Mucormycosis is the most emerging angioinvasive fungal infection of filamentous fungi of the Zygomycetes class, which, when neglected, causes severe disseminated infection along with significant chances of morbidity and mortality. The diagnosis and treatment remain challenging for the doctors. It has been observed that people who have been suffering from different diseases, such as hematological malignancies and uncontrolled diabetes, or who have gone through different surgeries, such as hemato-poietic stem cell transplant, and solid transplantation, are the most affected ones. On the other hand, people who have recovered from severe acute respiratory syndrome coronavirus 2 (SARS-CoV-2) typically show the symptoms of mucormycosis after 1-2 weeks of successful recovery. Standard treatment of mu-cormycosis is traditionally considered an amphotericin B intravenous (IV) drug as initial therapy, alt-hough posaconazole and isavuconazole are also used. The core objective of the review is to typically focus on the area of the sudden cause of mucormycosis in the patients who have already recovered from SARS-CoV-2. Copyright © 2022 Bentham Science Publishers.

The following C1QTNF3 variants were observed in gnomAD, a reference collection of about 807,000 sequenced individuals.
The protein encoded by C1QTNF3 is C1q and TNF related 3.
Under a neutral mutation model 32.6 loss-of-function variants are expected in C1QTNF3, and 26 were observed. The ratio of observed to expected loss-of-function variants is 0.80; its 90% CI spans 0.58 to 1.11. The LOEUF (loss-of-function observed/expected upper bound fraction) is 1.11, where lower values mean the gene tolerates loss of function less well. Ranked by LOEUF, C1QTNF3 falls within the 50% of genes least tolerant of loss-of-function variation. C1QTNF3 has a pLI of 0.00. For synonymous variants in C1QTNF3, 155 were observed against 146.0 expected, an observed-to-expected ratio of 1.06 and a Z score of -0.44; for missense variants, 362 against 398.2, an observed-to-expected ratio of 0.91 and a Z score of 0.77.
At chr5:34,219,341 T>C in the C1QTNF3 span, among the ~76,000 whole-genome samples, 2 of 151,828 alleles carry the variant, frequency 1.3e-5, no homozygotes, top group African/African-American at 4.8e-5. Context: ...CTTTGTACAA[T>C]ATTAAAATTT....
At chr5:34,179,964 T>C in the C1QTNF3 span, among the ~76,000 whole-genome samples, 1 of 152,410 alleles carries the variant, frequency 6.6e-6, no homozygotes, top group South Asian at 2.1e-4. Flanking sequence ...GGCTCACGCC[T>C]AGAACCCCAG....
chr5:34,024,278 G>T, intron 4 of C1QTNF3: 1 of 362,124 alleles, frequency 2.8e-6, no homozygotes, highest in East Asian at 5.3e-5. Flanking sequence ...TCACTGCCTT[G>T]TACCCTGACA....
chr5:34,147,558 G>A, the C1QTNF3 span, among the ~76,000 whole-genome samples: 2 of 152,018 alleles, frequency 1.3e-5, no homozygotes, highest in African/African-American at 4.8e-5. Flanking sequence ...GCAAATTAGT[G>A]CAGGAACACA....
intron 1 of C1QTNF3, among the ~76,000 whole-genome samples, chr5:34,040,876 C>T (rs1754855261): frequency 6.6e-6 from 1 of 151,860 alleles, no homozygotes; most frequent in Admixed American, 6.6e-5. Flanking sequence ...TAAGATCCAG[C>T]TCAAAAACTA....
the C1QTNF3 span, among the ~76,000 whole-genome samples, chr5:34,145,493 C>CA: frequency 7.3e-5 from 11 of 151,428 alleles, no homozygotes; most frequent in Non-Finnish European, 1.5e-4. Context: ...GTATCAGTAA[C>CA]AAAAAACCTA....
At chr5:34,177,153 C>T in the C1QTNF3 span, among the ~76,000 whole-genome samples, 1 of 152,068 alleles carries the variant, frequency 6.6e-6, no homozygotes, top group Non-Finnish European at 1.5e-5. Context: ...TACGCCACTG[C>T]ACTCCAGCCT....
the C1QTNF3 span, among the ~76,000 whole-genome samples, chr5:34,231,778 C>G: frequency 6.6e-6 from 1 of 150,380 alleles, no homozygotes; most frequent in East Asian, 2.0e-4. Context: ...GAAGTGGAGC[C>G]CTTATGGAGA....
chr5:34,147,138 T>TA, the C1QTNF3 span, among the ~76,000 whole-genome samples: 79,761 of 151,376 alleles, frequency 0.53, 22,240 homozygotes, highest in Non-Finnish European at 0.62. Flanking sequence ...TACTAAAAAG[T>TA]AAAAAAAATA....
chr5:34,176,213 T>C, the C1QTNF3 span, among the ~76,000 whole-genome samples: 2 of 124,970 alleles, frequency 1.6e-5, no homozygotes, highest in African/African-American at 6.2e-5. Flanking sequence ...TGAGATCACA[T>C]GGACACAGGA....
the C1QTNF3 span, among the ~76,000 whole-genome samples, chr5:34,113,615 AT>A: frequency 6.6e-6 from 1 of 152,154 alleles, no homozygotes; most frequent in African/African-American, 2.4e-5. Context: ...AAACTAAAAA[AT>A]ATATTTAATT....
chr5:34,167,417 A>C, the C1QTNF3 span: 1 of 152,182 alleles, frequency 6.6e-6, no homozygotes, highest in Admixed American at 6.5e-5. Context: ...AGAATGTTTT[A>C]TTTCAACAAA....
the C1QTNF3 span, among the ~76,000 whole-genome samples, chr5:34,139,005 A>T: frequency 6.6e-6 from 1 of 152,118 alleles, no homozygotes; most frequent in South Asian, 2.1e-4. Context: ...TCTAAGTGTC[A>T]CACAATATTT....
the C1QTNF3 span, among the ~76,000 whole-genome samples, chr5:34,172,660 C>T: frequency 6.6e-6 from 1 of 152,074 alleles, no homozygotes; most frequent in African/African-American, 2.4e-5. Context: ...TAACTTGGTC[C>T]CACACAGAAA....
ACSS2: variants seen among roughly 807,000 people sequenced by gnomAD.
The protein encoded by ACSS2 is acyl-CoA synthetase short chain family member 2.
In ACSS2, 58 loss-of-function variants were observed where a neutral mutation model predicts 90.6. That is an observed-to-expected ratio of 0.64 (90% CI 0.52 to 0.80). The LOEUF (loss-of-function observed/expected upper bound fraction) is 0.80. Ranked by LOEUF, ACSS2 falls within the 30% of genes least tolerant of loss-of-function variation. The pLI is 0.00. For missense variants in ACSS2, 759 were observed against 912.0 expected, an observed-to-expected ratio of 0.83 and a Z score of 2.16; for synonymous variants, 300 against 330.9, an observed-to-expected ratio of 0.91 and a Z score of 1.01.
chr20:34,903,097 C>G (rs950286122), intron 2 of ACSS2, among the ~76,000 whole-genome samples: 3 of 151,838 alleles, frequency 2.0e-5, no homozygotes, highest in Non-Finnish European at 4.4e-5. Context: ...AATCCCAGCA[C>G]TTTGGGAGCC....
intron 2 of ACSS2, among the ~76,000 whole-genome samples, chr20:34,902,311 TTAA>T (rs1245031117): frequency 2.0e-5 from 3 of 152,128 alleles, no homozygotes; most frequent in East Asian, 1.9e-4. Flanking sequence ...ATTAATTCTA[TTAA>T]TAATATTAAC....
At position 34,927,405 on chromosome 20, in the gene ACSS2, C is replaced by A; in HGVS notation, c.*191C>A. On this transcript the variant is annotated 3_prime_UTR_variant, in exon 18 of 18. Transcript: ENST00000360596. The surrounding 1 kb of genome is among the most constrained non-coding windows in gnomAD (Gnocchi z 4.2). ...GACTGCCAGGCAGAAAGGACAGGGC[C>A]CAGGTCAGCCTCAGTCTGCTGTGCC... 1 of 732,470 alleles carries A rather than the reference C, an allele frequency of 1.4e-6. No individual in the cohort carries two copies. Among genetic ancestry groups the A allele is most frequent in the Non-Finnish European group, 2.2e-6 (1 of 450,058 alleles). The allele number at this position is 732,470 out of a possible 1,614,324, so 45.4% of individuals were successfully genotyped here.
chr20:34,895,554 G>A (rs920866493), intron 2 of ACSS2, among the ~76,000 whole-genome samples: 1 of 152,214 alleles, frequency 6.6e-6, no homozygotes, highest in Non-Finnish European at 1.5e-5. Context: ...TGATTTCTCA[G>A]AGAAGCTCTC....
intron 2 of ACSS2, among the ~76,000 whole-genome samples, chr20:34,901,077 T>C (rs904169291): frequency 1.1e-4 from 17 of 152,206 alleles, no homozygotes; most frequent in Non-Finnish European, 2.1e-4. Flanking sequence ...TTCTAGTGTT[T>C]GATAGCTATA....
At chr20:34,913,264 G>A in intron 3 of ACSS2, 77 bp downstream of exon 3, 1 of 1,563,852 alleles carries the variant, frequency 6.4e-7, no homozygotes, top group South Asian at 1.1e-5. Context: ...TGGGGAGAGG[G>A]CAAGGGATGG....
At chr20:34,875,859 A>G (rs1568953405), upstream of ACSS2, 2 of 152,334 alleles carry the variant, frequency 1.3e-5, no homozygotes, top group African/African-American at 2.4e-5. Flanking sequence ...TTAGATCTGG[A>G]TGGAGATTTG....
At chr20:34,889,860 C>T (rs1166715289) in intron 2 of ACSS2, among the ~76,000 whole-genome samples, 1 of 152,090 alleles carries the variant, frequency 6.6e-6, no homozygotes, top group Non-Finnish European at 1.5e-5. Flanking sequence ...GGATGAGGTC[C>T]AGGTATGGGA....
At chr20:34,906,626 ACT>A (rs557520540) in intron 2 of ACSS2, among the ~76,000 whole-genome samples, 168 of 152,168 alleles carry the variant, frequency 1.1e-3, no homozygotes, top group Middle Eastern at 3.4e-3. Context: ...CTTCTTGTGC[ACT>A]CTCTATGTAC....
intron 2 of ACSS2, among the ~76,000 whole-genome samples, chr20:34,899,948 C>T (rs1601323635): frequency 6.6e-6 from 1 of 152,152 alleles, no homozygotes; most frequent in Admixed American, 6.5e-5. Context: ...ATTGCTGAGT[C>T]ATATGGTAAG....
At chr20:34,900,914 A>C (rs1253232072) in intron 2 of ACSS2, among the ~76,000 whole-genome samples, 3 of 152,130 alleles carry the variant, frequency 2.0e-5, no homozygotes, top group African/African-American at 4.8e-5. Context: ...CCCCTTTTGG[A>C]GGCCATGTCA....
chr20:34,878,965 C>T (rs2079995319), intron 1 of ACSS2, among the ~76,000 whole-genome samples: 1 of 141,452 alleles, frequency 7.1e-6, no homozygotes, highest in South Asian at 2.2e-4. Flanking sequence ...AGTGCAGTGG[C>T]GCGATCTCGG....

8.
Otolaryngology - Head and Neck Surgery ; 167(1 Supplement):P284-P285, 2022.
Article in English | EMBASE | ID: covidwho-2064422

ABSTRACT